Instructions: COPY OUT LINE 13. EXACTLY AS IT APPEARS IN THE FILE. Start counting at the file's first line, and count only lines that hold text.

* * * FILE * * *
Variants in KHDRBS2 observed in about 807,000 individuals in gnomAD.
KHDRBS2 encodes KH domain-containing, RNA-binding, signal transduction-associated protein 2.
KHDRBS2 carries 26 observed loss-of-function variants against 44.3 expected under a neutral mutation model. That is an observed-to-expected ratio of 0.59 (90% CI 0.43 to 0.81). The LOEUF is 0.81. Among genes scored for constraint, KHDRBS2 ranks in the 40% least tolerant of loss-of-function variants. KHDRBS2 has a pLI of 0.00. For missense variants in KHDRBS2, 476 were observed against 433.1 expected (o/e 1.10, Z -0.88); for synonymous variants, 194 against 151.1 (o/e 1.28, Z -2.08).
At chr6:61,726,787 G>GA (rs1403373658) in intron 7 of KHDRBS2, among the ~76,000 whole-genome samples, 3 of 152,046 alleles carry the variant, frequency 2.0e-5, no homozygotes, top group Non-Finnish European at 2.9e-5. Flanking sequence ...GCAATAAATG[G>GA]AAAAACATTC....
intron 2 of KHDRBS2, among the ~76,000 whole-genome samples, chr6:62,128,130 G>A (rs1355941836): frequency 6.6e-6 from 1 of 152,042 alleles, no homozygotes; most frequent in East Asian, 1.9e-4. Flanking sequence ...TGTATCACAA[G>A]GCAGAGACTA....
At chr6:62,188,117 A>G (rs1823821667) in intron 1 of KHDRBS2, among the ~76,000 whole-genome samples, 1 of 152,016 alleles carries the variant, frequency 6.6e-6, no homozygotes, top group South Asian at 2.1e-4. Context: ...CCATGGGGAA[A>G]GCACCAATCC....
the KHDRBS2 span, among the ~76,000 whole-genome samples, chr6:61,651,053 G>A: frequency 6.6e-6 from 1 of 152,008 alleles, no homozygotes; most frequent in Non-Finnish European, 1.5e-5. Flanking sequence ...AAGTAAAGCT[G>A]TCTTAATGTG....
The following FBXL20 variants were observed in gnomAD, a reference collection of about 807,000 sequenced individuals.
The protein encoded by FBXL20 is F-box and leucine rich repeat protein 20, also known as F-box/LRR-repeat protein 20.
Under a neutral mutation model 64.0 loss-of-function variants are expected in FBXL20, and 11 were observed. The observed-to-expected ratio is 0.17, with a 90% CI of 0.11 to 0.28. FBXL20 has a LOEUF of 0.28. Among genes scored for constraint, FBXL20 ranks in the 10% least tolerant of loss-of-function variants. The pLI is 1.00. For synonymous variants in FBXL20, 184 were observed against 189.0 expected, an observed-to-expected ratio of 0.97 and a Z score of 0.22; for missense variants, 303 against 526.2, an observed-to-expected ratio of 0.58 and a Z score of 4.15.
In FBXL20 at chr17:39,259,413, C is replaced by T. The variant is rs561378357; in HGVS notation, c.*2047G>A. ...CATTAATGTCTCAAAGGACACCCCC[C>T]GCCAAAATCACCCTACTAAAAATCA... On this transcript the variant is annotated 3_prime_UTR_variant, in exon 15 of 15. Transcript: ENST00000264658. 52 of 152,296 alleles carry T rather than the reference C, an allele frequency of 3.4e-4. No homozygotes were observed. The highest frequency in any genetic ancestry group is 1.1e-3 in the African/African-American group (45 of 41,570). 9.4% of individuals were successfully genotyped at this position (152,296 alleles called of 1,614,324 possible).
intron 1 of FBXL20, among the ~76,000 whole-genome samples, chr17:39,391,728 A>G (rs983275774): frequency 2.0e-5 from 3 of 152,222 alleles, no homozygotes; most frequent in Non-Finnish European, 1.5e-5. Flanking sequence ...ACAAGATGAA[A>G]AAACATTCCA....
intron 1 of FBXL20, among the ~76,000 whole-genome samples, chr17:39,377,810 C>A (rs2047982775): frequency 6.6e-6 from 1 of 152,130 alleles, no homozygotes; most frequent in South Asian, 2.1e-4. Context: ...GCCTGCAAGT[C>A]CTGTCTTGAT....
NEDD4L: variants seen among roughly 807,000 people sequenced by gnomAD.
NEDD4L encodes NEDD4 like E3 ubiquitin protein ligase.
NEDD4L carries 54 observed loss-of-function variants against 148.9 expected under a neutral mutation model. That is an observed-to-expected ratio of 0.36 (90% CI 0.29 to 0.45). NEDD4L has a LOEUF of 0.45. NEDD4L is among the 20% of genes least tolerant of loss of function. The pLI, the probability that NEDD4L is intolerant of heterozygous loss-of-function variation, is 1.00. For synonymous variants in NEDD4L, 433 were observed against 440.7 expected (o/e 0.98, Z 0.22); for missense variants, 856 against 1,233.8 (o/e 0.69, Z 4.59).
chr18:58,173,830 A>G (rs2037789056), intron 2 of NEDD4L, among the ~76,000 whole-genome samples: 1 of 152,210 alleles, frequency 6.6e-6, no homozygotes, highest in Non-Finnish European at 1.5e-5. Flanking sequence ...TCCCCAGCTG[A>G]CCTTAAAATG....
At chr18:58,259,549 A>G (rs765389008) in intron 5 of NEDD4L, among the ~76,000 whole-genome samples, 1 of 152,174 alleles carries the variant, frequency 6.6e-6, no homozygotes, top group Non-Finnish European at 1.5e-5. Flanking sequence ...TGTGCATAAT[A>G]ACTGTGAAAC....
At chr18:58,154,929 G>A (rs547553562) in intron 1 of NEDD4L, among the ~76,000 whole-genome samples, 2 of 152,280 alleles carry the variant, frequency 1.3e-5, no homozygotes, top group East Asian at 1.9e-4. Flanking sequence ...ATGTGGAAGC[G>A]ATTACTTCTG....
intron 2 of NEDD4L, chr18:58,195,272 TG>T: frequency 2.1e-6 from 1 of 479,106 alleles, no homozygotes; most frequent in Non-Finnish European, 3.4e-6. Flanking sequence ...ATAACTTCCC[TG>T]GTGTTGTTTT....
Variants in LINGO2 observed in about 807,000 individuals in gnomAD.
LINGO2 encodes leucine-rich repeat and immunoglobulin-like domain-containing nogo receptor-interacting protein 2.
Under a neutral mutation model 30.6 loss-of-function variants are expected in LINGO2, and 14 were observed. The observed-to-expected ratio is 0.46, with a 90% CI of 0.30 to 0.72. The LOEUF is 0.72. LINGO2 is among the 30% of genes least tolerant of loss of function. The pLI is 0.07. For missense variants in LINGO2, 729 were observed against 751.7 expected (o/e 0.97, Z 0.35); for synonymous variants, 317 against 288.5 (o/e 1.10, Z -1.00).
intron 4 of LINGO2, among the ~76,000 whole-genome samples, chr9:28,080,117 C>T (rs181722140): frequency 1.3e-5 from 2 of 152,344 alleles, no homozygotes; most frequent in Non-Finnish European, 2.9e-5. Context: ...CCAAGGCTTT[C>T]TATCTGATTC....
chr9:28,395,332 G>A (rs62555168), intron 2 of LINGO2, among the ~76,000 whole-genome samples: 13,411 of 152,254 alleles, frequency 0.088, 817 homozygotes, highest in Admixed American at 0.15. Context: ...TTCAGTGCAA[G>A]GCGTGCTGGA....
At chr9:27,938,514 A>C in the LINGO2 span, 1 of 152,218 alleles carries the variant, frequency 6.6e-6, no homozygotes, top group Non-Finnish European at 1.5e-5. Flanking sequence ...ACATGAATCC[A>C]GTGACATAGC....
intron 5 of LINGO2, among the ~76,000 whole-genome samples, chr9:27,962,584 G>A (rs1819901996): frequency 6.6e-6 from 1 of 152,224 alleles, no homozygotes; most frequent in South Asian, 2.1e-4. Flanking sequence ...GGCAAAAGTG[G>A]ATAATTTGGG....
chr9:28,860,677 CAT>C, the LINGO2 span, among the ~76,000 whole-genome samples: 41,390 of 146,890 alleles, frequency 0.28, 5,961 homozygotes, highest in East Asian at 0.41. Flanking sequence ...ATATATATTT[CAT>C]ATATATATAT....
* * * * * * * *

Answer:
intron 1 of FBXL20, among the ~76,000 whole-genome samples, chr17:39,377,810 C>A (rs2047982775): frequency 6.6e-6 from 1 of 152,130 alleles, no homozygotes; most frequent in South Asian, 2.1e-4. Context: ...GCCTGCAAGT[C>A]CTGTCTTGAT....